IN the early days of the Ipswich Hospital, a writer informed the public that the grounds, garden walks and flower beds were such that "This institution is a sweet oasis in the desert of life".
Dr Thornton was in charge of the hospital and the nurses were dressed in blue uniforms over which a white apron was worn.
The cleanliness of the nurses was considerably enhanced by the clean bright uniforms.
"Young girls" said the writer, "were so plentiful in Queensland and so young that nurses were expected to be on duty from 6am until 8pm and a night nurse was on duty from 8pm until 6am. This included working on Sundays for salaries ranging from 32 pounds to 50 pounds a year".
Upstairs in the medical and surgical parts of the hospital were young men injured in accidents and the writer thought a casualty ward should be on the ground floor as those injured or violently ill had to be carried up the stairs on stretchers. Many patients were of the "working class" and Dr Thornton said bronchitic asthma was the commonest complaint in Ipswich particularly in the winter. There was a Jubilee Ward erected for sick children thanks to the fundraising efforts of the ladies of Ipswich.
There was also a well-lit, ventilated fever ward and notices to visitors instructed them how to behave towards suffering family and friends. Dr Thornton remarked "People try to smuggle food into the patients and to beg his staff to give items, which if swallowed, would cause death". The doctor believed many fever patients were killed by the kindness of their friends outside the hospital. Milk only or in certain cases, beef tea and broth were the proper food for fever patients.
In the garden, two gardeners were employed; there was a messenger boy and a gate porter. While the Matron had charge of the household department, the cook, kitchen-maid, two laundresses and housemaid were her responsibility and Dr Thornton had eight nurses and a dispenser under his control.
IN 1892 Ipswich Hospital was calling tenders for food and drug supplies and spirits. One tender was for Port Wine at per gallon and per case of three dozen quarts; Geneve at per case; Brandy at per gallon and per case; Rum at per gallon, quote to be for the best Colonial and best Jamaican; Whiskey at per gallon and per case of three dozen quarts; Ale and Porter at per dozen pint bottles. Sample bottles must accompany the tender and the sample must be from the original case. (Cheers all round?)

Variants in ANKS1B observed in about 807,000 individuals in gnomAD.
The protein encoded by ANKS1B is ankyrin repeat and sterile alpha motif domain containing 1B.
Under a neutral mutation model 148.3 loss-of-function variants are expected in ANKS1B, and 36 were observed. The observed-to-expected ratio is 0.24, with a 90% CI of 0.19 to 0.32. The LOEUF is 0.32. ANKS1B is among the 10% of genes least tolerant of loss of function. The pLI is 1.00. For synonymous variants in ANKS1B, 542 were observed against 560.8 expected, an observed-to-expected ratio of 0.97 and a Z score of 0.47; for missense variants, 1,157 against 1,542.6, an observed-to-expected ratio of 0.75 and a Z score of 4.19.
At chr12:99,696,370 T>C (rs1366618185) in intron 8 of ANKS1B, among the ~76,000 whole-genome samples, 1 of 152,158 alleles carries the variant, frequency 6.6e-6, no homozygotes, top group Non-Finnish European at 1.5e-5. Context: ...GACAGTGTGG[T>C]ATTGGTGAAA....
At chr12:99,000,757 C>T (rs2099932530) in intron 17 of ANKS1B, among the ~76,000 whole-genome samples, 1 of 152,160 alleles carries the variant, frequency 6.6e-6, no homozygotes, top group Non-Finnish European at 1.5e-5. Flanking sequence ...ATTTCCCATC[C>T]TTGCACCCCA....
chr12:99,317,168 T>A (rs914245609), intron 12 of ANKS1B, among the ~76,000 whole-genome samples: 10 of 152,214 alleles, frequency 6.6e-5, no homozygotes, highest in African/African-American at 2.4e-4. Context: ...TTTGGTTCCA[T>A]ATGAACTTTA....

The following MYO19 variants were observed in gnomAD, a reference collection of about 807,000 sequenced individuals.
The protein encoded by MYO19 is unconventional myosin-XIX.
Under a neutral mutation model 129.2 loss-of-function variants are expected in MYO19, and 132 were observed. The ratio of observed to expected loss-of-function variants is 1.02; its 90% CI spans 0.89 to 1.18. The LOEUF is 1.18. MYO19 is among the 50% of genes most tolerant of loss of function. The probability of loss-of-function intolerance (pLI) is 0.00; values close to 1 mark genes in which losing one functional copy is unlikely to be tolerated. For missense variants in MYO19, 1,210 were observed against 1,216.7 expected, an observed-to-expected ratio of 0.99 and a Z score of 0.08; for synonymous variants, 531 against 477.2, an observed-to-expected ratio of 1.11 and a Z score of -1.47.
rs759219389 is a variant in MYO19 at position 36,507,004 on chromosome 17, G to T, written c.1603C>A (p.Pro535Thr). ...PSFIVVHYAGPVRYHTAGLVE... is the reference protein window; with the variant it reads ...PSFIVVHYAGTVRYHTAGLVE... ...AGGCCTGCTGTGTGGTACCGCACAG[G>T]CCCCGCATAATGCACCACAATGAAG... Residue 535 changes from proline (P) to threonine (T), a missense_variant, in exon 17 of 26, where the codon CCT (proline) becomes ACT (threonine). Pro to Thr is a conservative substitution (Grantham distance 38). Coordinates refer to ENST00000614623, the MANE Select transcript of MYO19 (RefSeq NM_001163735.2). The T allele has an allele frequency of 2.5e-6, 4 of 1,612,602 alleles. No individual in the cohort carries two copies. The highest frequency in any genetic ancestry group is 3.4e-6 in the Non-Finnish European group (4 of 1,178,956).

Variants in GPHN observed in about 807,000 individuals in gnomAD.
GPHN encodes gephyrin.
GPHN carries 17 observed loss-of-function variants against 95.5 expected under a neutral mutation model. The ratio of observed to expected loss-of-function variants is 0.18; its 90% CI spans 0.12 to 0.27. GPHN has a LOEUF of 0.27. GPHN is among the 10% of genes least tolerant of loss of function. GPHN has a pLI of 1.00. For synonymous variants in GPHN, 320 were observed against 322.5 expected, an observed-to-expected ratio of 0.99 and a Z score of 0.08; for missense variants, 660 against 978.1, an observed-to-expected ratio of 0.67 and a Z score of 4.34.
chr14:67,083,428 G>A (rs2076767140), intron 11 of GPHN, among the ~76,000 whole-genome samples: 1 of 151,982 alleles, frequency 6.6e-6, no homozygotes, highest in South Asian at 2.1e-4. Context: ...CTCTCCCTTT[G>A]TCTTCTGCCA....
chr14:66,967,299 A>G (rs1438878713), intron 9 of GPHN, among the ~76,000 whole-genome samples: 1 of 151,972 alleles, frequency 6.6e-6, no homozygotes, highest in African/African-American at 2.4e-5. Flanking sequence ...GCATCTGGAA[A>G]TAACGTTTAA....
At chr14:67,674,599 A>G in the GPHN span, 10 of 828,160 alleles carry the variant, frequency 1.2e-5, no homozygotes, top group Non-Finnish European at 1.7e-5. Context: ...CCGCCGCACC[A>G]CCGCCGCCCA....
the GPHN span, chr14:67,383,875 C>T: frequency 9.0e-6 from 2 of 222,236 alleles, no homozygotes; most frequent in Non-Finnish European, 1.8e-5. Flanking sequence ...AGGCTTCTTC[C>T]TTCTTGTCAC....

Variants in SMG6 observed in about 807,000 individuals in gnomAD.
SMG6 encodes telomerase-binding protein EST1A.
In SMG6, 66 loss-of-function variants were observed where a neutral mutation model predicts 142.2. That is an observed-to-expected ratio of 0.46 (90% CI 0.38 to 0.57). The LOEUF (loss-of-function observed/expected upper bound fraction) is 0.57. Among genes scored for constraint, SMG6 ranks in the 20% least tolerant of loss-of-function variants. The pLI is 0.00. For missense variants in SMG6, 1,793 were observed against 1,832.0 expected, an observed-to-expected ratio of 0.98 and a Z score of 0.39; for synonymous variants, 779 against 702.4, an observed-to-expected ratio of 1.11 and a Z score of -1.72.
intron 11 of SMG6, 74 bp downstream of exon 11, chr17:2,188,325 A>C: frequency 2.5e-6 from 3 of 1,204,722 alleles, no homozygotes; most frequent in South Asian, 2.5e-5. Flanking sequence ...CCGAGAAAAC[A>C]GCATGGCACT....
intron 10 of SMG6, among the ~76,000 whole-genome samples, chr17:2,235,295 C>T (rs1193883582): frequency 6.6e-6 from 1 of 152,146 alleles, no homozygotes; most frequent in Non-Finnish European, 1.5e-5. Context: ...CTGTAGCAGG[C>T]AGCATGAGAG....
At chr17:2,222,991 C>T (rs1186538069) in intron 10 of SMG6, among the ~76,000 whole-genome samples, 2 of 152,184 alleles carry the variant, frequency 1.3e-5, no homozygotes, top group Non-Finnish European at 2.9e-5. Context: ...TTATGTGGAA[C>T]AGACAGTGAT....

In 1874 the Home Shuttle Sewing Machine was on the market. It used a straight needle; made a lock-stitch; had self adjusting tensions and could hem, felt, bind, cord, braid, seam, tuck, ruffle, hemstitch, gather and sew leather. Price: four pounds ten shillings.
Syrup of Iodized Horseradish cured lymphatism, rachitism, scrofula, congestion of the glands of the neck, palencse and flabbiness of the flesh, lack of appetite, weakness of constitution, eruptions on the face, boils, pimples and itching in 1871. It was also the best remedy against the first stage of consumption and was a most powerful depurative known. Also in 1871 Dr Locock's Pulmonis Wafers gave freedom from coughs in ten minutes and they had a pleasant taste. In hysterical, nervous and heat complaints they were unfailing.
"Footballers - see Cooper the Booterers Bootiful Football Boots at the Bootery, next to the Club Hotel, Brisbane St, Ipswich" - so read an ad in The Queensland Times in 1912.
Proprietress of the Small Goods Department and City Lunch Room, Nicholas St, Ipswich in 1906 was Miss L McCorkell. Lunch was served from noon and cost two shillings. Miss McCorkell advertised "Our pork sausages excel any sold in Ipswich at the price of sixpence pound; beef sausages at only fivepence pound and dripping sixpence pound".
Messrs Johnson and Broughton coach builders, cnr Nicholas and Limestone Sts, Ipswich built a sanitary wagon for Messrs E Gough & Co sanitary contractors in 1896. It was constructed of colonial timber; was 10ft long; ran on four wheels and had space for carrying 54 pans at a time.